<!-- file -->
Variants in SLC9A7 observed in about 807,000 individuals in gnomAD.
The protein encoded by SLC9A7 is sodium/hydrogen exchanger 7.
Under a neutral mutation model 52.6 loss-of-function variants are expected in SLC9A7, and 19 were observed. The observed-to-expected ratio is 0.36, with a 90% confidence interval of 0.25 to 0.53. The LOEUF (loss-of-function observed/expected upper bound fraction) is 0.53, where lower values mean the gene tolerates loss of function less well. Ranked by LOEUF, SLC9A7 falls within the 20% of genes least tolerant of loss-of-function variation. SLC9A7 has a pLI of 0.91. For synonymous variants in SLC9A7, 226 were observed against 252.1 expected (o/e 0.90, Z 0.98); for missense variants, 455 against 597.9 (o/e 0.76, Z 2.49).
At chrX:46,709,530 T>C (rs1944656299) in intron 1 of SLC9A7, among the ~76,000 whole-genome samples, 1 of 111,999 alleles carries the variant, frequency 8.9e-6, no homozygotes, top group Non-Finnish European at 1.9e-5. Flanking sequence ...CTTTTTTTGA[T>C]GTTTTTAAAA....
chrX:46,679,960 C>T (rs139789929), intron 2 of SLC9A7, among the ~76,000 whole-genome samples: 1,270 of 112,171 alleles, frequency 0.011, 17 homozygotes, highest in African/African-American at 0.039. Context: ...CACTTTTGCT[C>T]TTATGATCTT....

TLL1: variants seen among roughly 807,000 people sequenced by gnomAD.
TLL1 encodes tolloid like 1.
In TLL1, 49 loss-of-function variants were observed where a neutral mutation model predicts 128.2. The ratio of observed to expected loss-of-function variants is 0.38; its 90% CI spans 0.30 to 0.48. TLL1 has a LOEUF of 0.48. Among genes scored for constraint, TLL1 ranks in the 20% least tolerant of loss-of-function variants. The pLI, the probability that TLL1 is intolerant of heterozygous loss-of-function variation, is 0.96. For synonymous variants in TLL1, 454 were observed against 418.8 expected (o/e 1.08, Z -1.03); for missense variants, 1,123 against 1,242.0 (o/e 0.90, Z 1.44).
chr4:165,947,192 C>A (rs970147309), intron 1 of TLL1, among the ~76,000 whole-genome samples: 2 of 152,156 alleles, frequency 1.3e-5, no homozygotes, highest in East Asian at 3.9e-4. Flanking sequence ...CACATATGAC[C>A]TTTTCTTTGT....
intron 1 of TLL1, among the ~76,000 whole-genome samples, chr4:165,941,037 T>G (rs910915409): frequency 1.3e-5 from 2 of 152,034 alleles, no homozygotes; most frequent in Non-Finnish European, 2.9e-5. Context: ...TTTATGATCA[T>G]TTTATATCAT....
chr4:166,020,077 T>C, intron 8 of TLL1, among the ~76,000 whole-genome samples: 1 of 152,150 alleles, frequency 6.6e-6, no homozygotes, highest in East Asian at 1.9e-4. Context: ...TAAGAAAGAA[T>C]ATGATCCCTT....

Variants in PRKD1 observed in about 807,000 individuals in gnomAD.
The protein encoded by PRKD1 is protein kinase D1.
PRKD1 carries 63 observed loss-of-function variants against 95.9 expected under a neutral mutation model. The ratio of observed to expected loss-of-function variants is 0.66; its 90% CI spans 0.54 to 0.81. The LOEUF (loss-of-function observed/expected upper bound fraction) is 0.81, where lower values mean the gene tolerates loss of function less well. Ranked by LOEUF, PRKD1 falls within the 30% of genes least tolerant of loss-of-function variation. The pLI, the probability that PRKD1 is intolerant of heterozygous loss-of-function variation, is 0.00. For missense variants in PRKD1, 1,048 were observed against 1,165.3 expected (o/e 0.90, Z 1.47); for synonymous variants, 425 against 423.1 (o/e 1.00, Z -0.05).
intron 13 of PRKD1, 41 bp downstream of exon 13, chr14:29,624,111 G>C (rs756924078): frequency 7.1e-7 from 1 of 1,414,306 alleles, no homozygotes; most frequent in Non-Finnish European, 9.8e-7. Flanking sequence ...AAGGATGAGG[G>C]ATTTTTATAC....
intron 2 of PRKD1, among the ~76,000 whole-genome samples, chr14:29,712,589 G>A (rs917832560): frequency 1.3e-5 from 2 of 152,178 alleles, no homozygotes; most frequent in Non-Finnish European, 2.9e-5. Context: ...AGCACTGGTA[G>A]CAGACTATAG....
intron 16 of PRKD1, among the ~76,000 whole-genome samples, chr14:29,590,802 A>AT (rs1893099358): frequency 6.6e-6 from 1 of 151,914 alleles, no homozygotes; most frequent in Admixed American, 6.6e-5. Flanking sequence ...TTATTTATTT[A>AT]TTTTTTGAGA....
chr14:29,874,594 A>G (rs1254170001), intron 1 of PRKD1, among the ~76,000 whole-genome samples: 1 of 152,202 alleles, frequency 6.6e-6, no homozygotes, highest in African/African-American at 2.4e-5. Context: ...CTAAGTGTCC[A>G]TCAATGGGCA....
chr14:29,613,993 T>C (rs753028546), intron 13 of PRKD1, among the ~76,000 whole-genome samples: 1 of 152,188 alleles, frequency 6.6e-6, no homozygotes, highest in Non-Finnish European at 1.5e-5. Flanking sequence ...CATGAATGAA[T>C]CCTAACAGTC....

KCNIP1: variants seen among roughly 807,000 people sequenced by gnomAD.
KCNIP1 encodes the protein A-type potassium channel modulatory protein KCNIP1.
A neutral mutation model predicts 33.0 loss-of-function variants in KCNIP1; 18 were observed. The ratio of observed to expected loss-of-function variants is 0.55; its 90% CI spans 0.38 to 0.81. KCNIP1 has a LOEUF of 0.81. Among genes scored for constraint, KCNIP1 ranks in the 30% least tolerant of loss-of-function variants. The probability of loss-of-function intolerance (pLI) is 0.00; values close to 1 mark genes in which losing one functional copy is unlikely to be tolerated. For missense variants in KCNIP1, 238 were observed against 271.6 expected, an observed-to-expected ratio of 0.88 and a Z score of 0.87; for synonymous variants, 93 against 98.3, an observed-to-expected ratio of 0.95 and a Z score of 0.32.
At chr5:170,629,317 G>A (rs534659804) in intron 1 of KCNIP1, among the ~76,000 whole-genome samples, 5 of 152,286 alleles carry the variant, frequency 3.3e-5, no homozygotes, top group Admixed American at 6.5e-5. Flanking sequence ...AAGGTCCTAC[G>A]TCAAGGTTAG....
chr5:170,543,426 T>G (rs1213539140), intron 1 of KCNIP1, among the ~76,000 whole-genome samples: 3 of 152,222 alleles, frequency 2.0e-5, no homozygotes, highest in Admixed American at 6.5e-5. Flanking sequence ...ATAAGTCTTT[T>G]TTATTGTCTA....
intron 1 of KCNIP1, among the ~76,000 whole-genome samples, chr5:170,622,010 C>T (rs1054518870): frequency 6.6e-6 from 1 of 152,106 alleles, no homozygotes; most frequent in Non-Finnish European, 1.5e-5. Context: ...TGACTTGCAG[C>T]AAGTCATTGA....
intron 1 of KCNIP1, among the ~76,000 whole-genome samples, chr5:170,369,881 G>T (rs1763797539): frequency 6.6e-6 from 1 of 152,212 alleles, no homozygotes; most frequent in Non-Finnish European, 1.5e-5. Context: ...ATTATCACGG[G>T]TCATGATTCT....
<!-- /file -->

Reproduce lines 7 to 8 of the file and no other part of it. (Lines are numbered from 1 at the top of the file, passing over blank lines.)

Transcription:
TLL1 encodes tolloid like 1.
In TLL1, 49 loss-of-function variants were observed where a neutral mutation model predicts 128.2. The ratio of observed to expected loss-of-function variants is 0.38; its 90% CI spans 0.30 to 0.48. TLL1 has a LOEUF of 0.48. Among genes scored for constraint, TLL1 ranks in the 20% least tolerant of loss-of-function variants. The pLI, the probability that TLL1 is intolerant of heterozygous loss-of-function variation, is 0.96. For synonymous variants in TLL1, 454 were observed against 418.8 expected (o/e 1.08, Z -1.03); for missense variants, 1,123 against 1,242.0 (o/e 0.90, Z 1.44).